ST. CHARLES – Messengers to the Missouri Baptist Convention annual meeting, Oct. 26-27, approved a new seven-year missions partnership with the Montana Southern Baptist Convention. The missions partnership with the Minnesota-Wisconsin Baptist Convention will continue for another five years.
Rick Hedger, MBC Multiplying Churches director said, “I am very thankful for the overwhelming response to the new state- to-state partnership between Missouri and the Montana state convention. It is intended to be a mutual partnership. We bless Montana, but Montana blesses Missouri Baptist Churches as well. Montana churches greatly desire for us to be a team with them to reach their state for Jesus.”
Steve Fowler, missions catalyst for the Yellowstone Southern Baptist Association said Montana is the 4th largest state in the U.S. geographically. But they have only about a million people spread across the large state. “And then we think we are over populated,” he laughed.
He said there are 130 SBC churches in Montana. He welcomes Missouri Baptists to come up on one of four vision tours that will be offered each year through the MBC Multiplying Churches office.
Asked specifically how MBC churches and pastors can help, he said: “Partner with us on Native American work. There are seven Native American reservations in the state. We have a church on each of those. The challenge is to get them to make a unique commitment to Jesus Christ. Most Indians believe in God, but they just want to add Jesus to their native religious traditions. It is a challenge to evangelize them.”
Fowler added they can also use help with “pastor-to-pastor and church-to-church” partnerships. He said, “If you can just pray, send a care package once in a while, get to know the pastors and come up for a mission trip. That would really bless them.”
He also said they have church planters who would love for a Missouri Baptist church to adopt them and their new work.
He said many people have a notion of what Montana is like, but there are several cultures in the state: cowboys and ranching come to mind as well as Native Americans. They also have urban populations in their larger cities such as Billings, Missoula, Great Falls Bozeman, Butte and Helena. Fowler said the largest growth in their population is coming from people moving to the state from California.
Pastor Lee Merck from Church of the Rockies in Red Lodge, Mont., was at the booth with Fowler, and he said the Montana Baptists sponsor Yellowstone Christian College in Billings. He is on the board of trustees there, and he said he would be glad to connect Missouri Baptist leaders who would like to do guest lectures on their subjects of expertise at the college while on mission trips to the area. It is a Christian liberal arts college and is offering Bible degrees to help train future pastors for their churches. He smiled as he said he would really like to recruit some Missouri athletes for their basketball and cross-country track programs.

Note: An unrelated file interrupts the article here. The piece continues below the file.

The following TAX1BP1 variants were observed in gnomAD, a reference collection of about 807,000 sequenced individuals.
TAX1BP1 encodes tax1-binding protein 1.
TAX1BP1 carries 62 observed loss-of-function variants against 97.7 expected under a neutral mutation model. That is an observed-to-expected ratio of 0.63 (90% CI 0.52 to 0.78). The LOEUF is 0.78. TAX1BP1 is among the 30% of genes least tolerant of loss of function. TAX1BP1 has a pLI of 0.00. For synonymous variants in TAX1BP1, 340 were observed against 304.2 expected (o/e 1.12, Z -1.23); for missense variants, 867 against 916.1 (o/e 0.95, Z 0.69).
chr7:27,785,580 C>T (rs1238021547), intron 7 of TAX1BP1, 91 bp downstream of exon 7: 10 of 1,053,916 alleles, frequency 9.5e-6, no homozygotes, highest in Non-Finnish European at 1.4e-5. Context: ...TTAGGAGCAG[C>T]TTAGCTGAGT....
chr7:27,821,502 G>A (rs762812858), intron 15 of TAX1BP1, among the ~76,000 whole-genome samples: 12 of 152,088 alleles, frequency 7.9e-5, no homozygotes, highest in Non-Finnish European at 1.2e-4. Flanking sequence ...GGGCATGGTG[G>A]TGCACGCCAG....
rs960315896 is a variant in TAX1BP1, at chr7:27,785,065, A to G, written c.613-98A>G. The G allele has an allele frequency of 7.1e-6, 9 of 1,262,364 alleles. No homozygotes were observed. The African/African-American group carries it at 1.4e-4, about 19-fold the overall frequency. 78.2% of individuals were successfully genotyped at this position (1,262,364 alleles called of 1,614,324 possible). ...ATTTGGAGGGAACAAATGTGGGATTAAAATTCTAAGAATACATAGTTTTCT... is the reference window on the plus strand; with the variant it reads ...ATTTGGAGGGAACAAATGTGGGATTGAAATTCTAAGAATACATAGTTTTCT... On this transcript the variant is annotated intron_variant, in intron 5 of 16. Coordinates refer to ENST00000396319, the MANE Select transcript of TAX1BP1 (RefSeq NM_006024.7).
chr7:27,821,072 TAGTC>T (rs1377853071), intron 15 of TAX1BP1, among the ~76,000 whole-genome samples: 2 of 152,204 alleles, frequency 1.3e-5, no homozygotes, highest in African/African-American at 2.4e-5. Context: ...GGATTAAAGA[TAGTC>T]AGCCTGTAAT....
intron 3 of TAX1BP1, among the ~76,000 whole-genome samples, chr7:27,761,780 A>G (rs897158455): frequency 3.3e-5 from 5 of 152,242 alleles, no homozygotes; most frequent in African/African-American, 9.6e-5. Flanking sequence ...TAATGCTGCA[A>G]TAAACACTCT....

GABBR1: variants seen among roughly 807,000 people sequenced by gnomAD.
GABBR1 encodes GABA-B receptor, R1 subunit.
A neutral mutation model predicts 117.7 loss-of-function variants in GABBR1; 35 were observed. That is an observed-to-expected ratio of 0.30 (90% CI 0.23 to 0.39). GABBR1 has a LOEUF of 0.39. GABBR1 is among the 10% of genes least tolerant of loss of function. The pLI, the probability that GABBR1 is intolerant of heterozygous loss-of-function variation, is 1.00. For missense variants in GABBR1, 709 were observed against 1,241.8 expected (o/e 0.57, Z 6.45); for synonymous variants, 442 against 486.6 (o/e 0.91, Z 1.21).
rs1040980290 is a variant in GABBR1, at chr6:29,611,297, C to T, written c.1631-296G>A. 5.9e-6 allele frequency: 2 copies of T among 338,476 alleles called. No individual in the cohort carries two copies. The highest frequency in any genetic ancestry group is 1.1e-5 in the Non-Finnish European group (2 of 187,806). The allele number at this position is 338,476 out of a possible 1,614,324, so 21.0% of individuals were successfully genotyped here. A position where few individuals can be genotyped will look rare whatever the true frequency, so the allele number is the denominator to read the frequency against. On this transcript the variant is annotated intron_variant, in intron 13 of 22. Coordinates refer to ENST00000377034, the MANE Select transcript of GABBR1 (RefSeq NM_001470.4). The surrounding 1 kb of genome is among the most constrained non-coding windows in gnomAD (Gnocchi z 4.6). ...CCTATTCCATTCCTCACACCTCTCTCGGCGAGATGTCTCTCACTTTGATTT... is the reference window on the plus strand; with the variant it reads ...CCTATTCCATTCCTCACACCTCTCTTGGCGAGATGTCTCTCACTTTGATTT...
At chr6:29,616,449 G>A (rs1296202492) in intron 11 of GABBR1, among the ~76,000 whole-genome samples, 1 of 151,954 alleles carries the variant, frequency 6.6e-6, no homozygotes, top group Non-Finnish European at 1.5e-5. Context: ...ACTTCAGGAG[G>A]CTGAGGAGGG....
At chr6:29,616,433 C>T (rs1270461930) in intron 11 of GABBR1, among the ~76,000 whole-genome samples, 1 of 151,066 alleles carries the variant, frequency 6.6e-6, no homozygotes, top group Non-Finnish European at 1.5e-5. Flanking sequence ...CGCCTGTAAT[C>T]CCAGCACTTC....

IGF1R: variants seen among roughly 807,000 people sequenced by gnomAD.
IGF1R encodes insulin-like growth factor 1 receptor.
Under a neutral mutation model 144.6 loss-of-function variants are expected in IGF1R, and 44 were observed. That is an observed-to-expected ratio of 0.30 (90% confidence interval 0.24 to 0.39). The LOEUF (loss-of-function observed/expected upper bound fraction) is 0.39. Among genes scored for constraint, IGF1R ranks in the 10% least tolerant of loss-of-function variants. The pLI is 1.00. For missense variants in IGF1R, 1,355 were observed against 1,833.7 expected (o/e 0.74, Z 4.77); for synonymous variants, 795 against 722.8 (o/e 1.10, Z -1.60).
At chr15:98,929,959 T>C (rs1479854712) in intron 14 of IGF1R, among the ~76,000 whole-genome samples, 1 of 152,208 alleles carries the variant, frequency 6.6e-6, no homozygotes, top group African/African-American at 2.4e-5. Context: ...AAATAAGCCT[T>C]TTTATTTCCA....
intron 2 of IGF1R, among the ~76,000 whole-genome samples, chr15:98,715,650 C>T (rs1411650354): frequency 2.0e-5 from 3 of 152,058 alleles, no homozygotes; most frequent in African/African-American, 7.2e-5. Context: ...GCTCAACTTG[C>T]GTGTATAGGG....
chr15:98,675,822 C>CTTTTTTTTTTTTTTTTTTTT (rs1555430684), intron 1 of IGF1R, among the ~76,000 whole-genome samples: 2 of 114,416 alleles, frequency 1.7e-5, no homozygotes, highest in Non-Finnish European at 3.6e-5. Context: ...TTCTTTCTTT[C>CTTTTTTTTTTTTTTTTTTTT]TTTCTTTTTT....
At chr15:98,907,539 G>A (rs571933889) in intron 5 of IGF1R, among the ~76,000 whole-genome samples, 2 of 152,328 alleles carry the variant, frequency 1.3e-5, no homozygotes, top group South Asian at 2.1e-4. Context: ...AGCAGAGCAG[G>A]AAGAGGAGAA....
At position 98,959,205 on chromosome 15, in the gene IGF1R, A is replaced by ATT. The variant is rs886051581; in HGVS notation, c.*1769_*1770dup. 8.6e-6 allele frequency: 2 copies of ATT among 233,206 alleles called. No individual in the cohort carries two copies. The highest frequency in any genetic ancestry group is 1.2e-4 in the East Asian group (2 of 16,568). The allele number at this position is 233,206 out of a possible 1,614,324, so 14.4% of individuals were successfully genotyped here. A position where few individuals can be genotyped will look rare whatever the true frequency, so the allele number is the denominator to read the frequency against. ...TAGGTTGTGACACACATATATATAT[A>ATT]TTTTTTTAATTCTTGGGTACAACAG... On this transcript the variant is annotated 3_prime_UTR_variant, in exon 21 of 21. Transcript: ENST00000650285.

Leo Endel and Steve Melvin were handing out slices of Wisconsin cheese and Minnesota apples at the popular Minnesota-Wisconsin Baptist Convention booth. They welcome MBC churches to continue to come up to their two states for mission trips and to help with their churches and church plants.
Endel said it was “amazing to us to see the response in the last few years.”
He added, “It is a short distance between Missouri and the two states, and Missouri has contributed to a great missions connection.”
He acknowledged “This year most MBC/Minn.-Wisc. mission trips were canceled due to the COVID-19 pandemic.” But he noted a few brave churches came up anyway.
Some senior ladies from Southside Baptist in Fulton really wanted to reconnect with some young girls in a church in Rochester, Minn., and they sent a team up in the summer to help with a small VBS.
“It meant the world to those little girls,” said Endel who is also the pastor of the Emmanuel Baptist Church, Rochester.
In a Racine, Wisc., church the pastor passed away with diabetic complications this past year. But in spite of the COVID pandemic the Calvary Baptist Church, Sedalia, came up on their planned mission trip. “They just wanted to encourage the church,” Endel said.
Steve Melvin, who coordinates prayer and missions partnerships part-time for the convention, said there were 11 new churches started this past year in the two states. Church planting strategists Mark Millman (Wisc.) and Tony Rodriguez (Minn.) coordinate church planting activities for the North American Mission Board in the area. There are about 30 NAMB funded church planters in the two states.
Hedger said there have been about 65 mission projects coordinated from Missouri Baptist churches to the two-state convention in the three years. He hopes it will continue for several more years.